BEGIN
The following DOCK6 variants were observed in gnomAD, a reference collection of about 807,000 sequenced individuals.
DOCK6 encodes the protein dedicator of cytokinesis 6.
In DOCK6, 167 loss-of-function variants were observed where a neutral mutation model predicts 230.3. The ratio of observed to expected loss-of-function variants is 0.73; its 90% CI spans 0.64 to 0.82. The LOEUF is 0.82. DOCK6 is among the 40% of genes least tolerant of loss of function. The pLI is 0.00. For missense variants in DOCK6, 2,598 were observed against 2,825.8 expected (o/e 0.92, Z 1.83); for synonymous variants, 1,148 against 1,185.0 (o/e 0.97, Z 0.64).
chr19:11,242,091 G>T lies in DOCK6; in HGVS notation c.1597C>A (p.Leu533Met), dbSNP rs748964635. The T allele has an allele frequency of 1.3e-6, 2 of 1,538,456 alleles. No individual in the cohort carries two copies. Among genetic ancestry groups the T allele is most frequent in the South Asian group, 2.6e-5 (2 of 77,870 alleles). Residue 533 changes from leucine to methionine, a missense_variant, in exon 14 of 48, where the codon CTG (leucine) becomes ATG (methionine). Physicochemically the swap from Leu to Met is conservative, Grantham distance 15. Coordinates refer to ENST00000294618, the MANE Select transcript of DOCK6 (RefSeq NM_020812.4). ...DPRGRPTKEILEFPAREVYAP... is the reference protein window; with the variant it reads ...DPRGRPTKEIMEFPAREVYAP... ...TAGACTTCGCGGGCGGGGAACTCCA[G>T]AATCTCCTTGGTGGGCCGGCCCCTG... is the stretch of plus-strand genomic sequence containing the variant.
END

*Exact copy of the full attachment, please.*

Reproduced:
The following DOCK6 variants were observed in gnomAD, a reference collection of about 807,000 sequenced individuals.
DOCK6 encodes the protein dedicator of cytokinesis 6.
In DOCK6, 167 loss-of-function variants were observed where a neutral mutation model predicts 230.3. The ratio of observed to expected loss-of-function variants is 0.73; its 90% CI spans 0.64 to 0.82. The LOEUF is 0.82. DOCK6 is among the 40% of genes least tolerant of loss of function. The pLI is 0.00. For missense variants in DOCK6, 2,598 were observed against 2,825.8 expected (o/e 0.92, Z 1.83); for synonymous variants, 1,148 against 1,185.0 (o/e 0.97, Z 0.64).
chr19:11,242,091 G>T lies in DOCK6; in HGVS notation c.1597C>A (p.Leu533Met), dbSNP rs748964635. The T allele has an allele frequency of 1.3e-6, 2 of 1,538,456 alleles. No individual in the cohort carries two copies. Among genetic ancestry groups the T allele is most frequent in the South Asian group, 2.6e-5 (2 of 77,870 alleles). Residue 533 changes from leucine to methionine, a missense_variant, in exon 14 of 48, where the codon CTG (leucine) becomes ATG (methionine). Physicochemically the swap from Leu to Met is conservative, Grantham distance 15. Coordinates refer to ENST00000294618, the MANE Select transcript of DOCK6 (RefSeq NM_020812.4). ...DPRGRPTKEILEFPAREVYAP... is the reference protein window; with the variant it reads ...DPRGRPTKEIMEFPAREVYAP... ...TAGACTTCGCGGGCGGGGAACTCCA[G>T]AATCTCCTTGGTGGGCCGGCCCCTG... is the stretch of plus-strand genomic sequence containing the variant.